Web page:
The annual reading of the Declaration of Independence was held at the History Barn on the morning of July 4th. Lenny Brooks welcomed the audience, reading from a 1776 letter from Henry Aline, Jr., a Boston notary and clerk, describing the publication and public reading of the Declaration from the balcony of the Boston Town House, and the removal and burning of the King’s Arms from the courthouse and other places.

The Declaration was read by three readers: Steve Rogers, Amy Fryda and Rev. Linda Gard. Lenny led three cheers at the end.

Amy Fryda reads the Declaration of Independence, July 4, 2019

Happy 4th everyone!

Survey Results Reviewed by Comprehensive Plan Update Committee

Anne Maurice

Scott Hastings, Town Planner, presented the results from the spring 2019 survey to the Comprehensive Plan Update Committee at the June 13th meeting.  The summarized results can be found here:  Spring 2019 survey results

175 surveys were completed and most age groups were represented.  Committee member Ben Tettlebaum asked, “How much stock do we put in to the survey when we only had a 3% return rate.”  Scott mentioned the 20 – 30 year old residents were missing, but there probably are not many living in town.  24 surveys were completed by local business owners.  76 completed by people raising children.  As for where people lived, the results were distributed well.

As with the fall 2018 survey, townspeople want to preserve the rural character of New Gloucester.  They want to protect views and scenic areas and they value recreation land.  As chair Don Libby pointed out, when looking at the survey results in the aggregate, residents want to keep taxes low as well as protect open spaces.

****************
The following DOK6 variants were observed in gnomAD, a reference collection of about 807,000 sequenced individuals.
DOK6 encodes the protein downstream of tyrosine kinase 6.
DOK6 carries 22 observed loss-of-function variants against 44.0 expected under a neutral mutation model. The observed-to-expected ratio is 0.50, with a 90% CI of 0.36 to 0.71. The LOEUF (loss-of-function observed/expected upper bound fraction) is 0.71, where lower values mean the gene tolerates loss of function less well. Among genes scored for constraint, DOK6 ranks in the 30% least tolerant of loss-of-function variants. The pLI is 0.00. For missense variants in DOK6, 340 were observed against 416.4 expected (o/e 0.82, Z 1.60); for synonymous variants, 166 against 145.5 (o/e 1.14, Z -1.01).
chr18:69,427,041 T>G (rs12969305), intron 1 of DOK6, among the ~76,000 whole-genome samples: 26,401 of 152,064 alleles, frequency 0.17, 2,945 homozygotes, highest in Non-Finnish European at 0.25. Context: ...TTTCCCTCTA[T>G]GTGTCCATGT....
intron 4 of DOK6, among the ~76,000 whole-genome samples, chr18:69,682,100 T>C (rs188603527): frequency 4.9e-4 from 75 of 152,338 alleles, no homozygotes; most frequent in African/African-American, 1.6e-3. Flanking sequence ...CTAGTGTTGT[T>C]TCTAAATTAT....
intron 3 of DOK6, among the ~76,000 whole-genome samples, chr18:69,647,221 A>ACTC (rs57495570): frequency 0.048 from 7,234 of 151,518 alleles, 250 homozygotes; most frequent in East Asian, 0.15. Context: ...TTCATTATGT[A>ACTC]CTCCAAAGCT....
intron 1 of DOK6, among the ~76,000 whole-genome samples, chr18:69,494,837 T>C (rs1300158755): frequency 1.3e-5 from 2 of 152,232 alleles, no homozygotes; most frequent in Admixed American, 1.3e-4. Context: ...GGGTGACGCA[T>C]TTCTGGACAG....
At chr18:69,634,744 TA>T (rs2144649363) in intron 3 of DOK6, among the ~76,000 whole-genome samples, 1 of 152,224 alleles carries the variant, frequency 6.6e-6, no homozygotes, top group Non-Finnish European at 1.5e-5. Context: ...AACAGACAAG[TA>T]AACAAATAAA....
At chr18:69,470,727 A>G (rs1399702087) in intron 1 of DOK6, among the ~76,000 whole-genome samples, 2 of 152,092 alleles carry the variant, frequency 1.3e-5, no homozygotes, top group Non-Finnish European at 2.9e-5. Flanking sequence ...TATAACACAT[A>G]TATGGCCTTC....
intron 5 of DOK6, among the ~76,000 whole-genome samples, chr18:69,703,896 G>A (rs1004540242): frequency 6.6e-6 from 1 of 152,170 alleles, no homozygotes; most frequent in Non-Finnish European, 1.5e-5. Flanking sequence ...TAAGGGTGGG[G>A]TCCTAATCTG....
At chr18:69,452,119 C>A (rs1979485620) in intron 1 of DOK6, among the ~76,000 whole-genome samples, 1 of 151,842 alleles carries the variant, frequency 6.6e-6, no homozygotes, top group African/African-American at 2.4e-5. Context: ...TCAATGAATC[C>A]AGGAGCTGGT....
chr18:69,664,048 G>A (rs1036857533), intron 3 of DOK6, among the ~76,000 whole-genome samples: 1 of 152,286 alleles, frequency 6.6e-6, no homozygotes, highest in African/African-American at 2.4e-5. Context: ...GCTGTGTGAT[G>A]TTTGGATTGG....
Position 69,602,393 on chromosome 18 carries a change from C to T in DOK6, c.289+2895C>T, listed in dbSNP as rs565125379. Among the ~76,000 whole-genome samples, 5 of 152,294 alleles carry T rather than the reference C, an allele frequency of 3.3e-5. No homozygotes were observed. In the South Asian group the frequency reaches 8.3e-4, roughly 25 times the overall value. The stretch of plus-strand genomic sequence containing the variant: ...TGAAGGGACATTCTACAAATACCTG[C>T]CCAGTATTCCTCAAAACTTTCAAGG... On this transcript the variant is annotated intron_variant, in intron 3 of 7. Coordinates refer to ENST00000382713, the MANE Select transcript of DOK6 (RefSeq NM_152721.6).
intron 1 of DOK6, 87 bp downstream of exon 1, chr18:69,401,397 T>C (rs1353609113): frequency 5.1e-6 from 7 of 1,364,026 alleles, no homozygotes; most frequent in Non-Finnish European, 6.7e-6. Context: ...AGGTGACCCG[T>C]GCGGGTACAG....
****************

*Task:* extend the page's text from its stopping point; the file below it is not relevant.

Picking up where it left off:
Most residents were satisfied with town services and there were several positive comments for the town staff.  Trash pickup and single sort recycling were mentioned the most as “wanted” services. 

The survey had middle of the road results with regard to senior living and services.  This is an area that the committee will explore more with a future meeting specific to the topic of ‘age friendly communities’.  The State recently passed legislation that required the subject be included in comprehensive plans. 

More people would like to see train service than bus service.  Many expressed concerns about walking and biking on town roads because of safety.  Speeding cars and lack of shoulders on the roads were cited.  The Fairgrounds and Pineland were mentioned often as places to walk.

As to the types of businesses people want to see, there was a clear consensus that large businesses are not the answer.  Small to medium size businesses are welcome and there is a particular interest in restaurants and coffee shops.  People, including the high schoolers, are looking for a place to gather and ‘hang out’.

Scott will now begin drafting the plan starting with demographics and housing.  The Committee will hold community outreach meetings at some point in the future.  When the Comprehensive Plan is complete, it will be presented at a Town Meeting for a vote.

The next meeting is scheduled for July 11 at the New Gloucester Meeting House when the Committee will start reviewing the draft plan.  For more information and to sign up for ongoing email updates on the comprehensive plan work contact the Town Planner, Scott Hastings at shastings@newgloucester.com or (207)926-4126 ext 4.

Video of the full June 13 meeting is available here.  Materials and videos for this and other meetings can be found on the NG website: newgloucester.com.